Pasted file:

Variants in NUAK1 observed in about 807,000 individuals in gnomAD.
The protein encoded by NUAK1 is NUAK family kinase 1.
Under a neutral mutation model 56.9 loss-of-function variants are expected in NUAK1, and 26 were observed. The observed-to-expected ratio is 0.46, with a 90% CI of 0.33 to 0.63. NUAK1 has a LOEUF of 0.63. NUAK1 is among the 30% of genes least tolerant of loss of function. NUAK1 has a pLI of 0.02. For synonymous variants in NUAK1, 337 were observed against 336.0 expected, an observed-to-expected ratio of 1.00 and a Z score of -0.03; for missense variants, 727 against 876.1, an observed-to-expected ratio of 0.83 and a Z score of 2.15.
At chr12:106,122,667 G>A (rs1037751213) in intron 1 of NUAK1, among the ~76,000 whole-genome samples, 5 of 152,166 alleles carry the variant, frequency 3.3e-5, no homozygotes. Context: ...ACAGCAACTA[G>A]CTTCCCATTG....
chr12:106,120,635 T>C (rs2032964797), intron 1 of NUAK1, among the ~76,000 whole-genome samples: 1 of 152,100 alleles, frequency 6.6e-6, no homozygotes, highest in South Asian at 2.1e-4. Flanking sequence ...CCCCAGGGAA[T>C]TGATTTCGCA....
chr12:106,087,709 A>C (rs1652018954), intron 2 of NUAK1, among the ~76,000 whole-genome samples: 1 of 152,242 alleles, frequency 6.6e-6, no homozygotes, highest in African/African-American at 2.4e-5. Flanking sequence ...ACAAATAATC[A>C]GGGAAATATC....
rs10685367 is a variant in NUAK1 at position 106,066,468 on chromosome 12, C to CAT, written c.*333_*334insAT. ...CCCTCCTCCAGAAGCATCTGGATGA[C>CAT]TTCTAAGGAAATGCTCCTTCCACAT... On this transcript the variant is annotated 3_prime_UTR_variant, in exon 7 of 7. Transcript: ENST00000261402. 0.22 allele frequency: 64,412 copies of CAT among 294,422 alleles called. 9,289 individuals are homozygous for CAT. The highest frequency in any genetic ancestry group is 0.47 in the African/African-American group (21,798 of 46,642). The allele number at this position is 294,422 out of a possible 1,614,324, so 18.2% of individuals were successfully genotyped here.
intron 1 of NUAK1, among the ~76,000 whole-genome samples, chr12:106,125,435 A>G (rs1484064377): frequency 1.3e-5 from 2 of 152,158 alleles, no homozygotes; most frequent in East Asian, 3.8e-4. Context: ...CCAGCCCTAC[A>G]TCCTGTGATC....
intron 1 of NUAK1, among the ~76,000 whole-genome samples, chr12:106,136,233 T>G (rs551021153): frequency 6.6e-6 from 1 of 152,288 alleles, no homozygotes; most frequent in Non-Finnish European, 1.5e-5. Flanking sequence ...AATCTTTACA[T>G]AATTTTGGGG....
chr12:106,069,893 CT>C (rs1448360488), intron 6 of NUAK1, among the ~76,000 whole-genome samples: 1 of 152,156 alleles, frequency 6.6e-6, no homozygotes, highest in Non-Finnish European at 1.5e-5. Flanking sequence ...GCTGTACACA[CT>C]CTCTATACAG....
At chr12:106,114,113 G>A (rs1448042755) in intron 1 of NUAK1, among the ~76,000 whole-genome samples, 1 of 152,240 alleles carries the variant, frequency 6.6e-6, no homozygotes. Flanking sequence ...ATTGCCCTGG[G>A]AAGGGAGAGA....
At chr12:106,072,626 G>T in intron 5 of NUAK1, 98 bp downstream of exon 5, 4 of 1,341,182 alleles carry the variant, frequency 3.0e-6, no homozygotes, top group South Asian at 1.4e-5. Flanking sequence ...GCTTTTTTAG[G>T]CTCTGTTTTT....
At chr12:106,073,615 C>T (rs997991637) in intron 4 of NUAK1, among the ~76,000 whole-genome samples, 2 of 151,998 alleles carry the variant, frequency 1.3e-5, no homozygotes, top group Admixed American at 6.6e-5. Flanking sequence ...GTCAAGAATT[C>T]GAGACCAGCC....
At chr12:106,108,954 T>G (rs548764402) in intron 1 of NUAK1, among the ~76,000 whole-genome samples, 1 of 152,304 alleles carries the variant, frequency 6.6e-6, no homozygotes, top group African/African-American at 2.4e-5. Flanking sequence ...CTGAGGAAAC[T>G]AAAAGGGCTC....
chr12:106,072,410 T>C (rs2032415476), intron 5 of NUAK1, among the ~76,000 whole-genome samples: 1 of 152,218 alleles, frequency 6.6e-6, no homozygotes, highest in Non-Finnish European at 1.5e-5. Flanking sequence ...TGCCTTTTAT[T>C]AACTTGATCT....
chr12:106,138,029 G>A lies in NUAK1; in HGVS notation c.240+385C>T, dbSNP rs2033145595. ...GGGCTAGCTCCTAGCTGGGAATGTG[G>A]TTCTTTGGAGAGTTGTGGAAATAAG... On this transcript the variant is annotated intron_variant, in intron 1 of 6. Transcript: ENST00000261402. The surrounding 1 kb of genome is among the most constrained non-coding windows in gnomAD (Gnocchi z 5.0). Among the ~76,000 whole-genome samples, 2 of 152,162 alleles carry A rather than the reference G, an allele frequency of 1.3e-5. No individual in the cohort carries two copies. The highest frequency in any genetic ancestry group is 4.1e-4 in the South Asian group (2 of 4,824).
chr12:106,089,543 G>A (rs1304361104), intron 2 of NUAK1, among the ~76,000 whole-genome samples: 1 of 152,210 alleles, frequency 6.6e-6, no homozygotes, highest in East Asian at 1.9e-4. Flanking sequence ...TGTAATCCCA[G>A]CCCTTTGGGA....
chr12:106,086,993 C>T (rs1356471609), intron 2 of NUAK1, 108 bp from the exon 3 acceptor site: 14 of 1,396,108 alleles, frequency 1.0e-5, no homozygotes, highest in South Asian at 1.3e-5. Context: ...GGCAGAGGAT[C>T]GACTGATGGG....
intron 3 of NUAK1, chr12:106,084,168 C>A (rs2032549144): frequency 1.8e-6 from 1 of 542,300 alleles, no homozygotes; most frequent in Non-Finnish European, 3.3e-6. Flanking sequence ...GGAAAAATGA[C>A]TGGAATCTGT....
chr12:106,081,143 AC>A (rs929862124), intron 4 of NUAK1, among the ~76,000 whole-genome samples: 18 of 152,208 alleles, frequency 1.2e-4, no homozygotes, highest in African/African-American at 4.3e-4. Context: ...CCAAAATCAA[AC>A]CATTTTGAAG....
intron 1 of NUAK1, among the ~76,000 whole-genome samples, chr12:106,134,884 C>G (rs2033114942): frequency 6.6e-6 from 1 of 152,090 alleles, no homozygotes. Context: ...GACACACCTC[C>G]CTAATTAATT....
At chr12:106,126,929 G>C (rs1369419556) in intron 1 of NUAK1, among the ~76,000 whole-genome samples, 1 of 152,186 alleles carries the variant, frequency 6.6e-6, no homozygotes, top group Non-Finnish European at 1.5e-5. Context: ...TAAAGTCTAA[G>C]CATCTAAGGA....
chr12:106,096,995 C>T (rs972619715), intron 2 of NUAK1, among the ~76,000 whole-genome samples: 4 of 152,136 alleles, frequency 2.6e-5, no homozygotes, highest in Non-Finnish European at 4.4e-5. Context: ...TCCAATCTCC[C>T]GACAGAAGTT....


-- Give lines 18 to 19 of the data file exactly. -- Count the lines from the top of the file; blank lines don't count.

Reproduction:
chr12:106,086,993 C>T (rs1356471609), intron 2 of NUAK1, 108 bp from the exon 3 acceptor site: 14 of 1,396,108 alleles, frequency 1.0e-5, no homozygotes, highest in South Asian at 1.3e-5. Context: ...GGCAGAGGAT[C>T]GACTGATGGG....
intron 3 of NUAK1, chr12:106,084,168 C>A (rs2032549144): frequency 1.8e-6 from 1 of 542,300 alleles, no homozygotes; most frequent in Non-Finnish European, 3.3e-6. Flanking sequence ...GGAAAAATGA[C>A]TGGAATCTGT....